It started with a high school Japanese class, but ended up with Tania Butterfield on the world stage, fighting for a world title in kendo.
Butterfield has spent years training and fighting in the martial art, but her kendo career started with a fairly innocuous school assignment topic – a Japanese sport.
“Most people went for karate, but I like to be a bit different, so I chose kendo,” she said. Even then, it wasn’t until she went to Japan that she finally tried it.
She was in Shiga teaching English in 2013 when a colleague asked her what she wanted to try before she left Japan.
“I said kendo was something I’d always wanted to give a shot,” she said.
Kendo – or ‘the way of the sword’ - is a modern martial art, based on swordsmanship. Two opponents face off with each other, using bamboo swords called shinai. Within a shiai (match), points can be scored by striking one of four targets: the men (head), kote (hand), do (torso), or the tsuki (neck).
But within those simple rules there is a lot of complexity. Kendo can be a difficult sport to learn the intricacies of – scoring a point is much more than simply hitting your opponent; your spirit and respect you show comes into it too.
“In order to score a point, everything has to work in unison so the timing of the stamping of the feet and the sound from your foot as it hits the ground, the accuracy of where you hit, the voice that you use when you're hitting the target, and your spirit, they all come into consideration,” Butterfield said.
Hearing about Butterfield’s interest, the leader of a local kendo club invited her to join. He even sent a painstakingly written note, using Google Translate, to give her directions to the club.
That note was the tipping point for the early steps of her kendo career.
“I thought ‘he's gone to all this effort to write this note, to tell me where to go to do kendo, I guess I need to go’.”
Butterfield readily admits her first attempt was not the most endearing experience – hot, sticky and she was “not very good”.
She kept practicing though, going back to the club to show her students “you don't have to be the best at something to enjoy it” and because of the amount of support the kendo community showed her.
“So many people rallied around me to help,” she said.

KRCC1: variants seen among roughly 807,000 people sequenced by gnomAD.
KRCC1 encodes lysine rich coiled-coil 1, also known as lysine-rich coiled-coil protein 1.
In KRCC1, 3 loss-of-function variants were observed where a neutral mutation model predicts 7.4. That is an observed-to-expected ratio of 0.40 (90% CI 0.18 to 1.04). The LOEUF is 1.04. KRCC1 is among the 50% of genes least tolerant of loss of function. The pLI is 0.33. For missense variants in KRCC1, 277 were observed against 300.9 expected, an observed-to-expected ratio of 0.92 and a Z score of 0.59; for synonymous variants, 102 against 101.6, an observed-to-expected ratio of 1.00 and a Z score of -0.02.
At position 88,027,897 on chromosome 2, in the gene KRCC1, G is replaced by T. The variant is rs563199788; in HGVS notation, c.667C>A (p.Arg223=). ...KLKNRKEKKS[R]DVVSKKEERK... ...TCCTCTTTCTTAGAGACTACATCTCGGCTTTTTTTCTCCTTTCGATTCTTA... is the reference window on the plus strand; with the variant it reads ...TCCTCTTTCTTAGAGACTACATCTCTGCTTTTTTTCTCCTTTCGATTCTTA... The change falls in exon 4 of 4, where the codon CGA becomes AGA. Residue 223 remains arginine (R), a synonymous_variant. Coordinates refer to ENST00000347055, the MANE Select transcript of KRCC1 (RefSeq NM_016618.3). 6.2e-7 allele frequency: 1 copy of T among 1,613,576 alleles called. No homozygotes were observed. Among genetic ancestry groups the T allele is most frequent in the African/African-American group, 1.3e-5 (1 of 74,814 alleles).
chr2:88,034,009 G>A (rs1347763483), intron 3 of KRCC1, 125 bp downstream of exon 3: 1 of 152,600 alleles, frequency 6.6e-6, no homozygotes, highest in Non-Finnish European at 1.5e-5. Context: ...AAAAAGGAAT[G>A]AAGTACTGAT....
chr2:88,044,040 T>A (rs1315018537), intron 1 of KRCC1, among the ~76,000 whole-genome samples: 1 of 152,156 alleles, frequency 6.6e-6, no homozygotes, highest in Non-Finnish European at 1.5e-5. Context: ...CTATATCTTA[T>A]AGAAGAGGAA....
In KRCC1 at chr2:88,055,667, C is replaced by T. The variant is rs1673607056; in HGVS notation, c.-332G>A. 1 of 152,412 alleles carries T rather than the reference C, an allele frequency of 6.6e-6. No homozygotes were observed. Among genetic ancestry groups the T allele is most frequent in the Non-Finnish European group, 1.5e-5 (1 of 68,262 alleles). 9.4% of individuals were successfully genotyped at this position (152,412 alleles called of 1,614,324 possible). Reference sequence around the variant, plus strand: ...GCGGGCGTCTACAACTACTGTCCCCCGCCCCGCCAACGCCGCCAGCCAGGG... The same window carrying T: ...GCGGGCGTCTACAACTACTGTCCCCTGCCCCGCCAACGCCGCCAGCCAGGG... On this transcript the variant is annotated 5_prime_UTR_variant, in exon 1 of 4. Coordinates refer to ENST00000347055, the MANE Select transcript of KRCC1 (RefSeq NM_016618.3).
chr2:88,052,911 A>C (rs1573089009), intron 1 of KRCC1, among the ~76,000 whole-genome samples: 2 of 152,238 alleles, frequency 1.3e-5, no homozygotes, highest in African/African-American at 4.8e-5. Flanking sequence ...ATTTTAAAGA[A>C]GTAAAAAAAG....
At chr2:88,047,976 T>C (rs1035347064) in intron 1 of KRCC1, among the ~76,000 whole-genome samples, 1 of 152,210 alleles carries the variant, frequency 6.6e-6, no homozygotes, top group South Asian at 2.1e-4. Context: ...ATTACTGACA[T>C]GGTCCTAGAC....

“Leading up to my exams, one of my teachers took me to three different clubs around the region to get to know people. And because I'm a foreigner, I stand out, so people came to know who I was. I was the foreigner doing kendo.”
By the time she was back in New Zealand, she knew there was no way she could drop the martial art.
“So many people had invested time and effort into me, and my kendo journey and I wanted to show them it wasn’t a waste of time,” she said.
By the time she came back and joined the Sei Tou Ken Yu Kai Canterbury Kendo Club, she had earned her second dan – a rank that’s above the equivalent of a black belt – and brought her Japanese training with her.
Before long, she was working alongside other Kiwi kendo stars to qualify – and then train for – the 17th World Kendo Championships in South Korea in 2018.
“There was a two-year lead-up essentially: training, a lot of gym work in addition to kendo training, fitness and strengthening work at the gym, as well as work on balance and timing.”
Over in South Korea, she found the world champs an “interesting” experience. Along with the other members of the New Zealand team, she stepped into a highly competitive environment, where they were often up against opponents who had been training since they were able to walk.
Seeing the variation in techniques and styles of kendo that came from different countries also presented a real learning curve for the team.
“In the finals between Japan and Korea, I was sitting next to one of the girls on my team and she was sitting there going 'this is not kendo, this is not kendo’.”
“I think it was because there's kendo the sport and kendo the martial art and I think that distinction is something that going forward, New Zealand kendo and the rest of the world need to really think about. What are we - the art or are we the sport?”
While she didn’t come away with an individual win at the competition, the New Zealand women’s team finished in the top 16.
Despite hitting the global stage, Butterfield’s kendo career highlight came in 2019, when she won the South Island Championships in a clean sweep.
“The final was against a very experienced Japanese woman who I'd fought against a few times,” she said.
“I knew I had my own New Zealand kendo techniques that relied on my quirky timing. I won that fight with those techniques.
“Going in with the confidence was something new for me, but also a really good turning point in my kendo career.”
Kendo competitions have been hampered by Covid, but that hasn’t stopped Butterfield from looking forward. She has her eye on competing at the next kendo world championships, postponed until 2022.
- Asia Media Centre